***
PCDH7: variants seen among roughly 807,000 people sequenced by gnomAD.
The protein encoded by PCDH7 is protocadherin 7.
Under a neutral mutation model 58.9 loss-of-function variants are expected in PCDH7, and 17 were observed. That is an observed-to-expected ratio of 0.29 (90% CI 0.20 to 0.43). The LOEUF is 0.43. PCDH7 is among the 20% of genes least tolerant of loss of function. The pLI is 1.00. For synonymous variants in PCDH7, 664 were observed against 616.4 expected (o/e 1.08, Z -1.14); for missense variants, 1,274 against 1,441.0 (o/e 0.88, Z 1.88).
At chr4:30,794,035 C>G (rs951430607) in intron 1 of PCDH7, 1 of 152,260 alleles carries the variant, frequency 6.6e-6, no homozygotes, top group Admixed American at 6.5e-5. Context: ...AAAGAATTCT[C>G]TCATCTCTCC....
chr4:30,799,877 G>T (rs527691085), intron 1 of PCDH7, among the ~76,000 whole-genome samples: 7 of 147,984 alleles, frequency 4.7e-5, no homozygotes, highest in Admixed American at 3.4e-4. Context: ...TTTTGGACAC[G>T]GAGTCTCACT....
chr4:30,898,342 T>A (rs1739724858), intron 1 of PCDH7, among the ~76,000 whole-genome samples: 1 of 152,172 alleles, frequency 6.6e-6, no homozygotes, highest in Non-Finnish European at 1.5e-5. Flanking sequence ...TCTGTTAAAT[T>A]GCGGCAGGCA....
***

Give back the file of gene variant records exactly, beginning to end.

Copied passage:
PCDH7: variants seen among roughly 807,000 people sequenced by gnomAD.
The protein encoded by PCDH7 is protocadherin 7.
Under a neutral mutation model 58.9 loss-of-function variants are expected in PCDH7, and 17 were observed. That is an observed-to-expected ratio of 0.29 (90% CI 0.20 to 0.43). The LOEUF is 0.43. PCDH7 is among the 20% of genes least tolerant of loss of function. The pLI is 1.00. For synonymous variants in PCDH7, 664 were observed against 616.4 expected (o/e 1.08, Z -1.14); for missense variants, 1,274 against 1,441.0 (o/e 0.88, Z 1.88).
At chr4:30,794,035 C>G (rs951430607) in intron 1 of PCDH7, 1 of 152,260 alleles carries the variant, frequency 6.6e-6, no homozygotes, top group Admixed American at 6.5e-5. Context: ...AAAGAATTCT[C>G]TCATCTCTCC....
chr4:30,799,877 G>T (rs527691085), intron 1 of PCDH7, among the ~76,000 whole-genome samples: 7 of 147,984 alleles, frequency 4.7e-5, no homozygotes, highest in Admixed American at 3.4e-4. Context: ...TTTTGGACAC[G>T]GAGTCTCACT....
chr4:30,898,342 T>A (rs1739724858), intron 1 of PCDH7, among the ~76,000 whole-genome samples: 1 of 152,172 alleles, frequency 6.6e-6, no homozygotes, highest in Non-Finnish European at 1.5e-5. Flanking sequence ...TCTGTTAAAT[T>A]GCGGCAGGCA....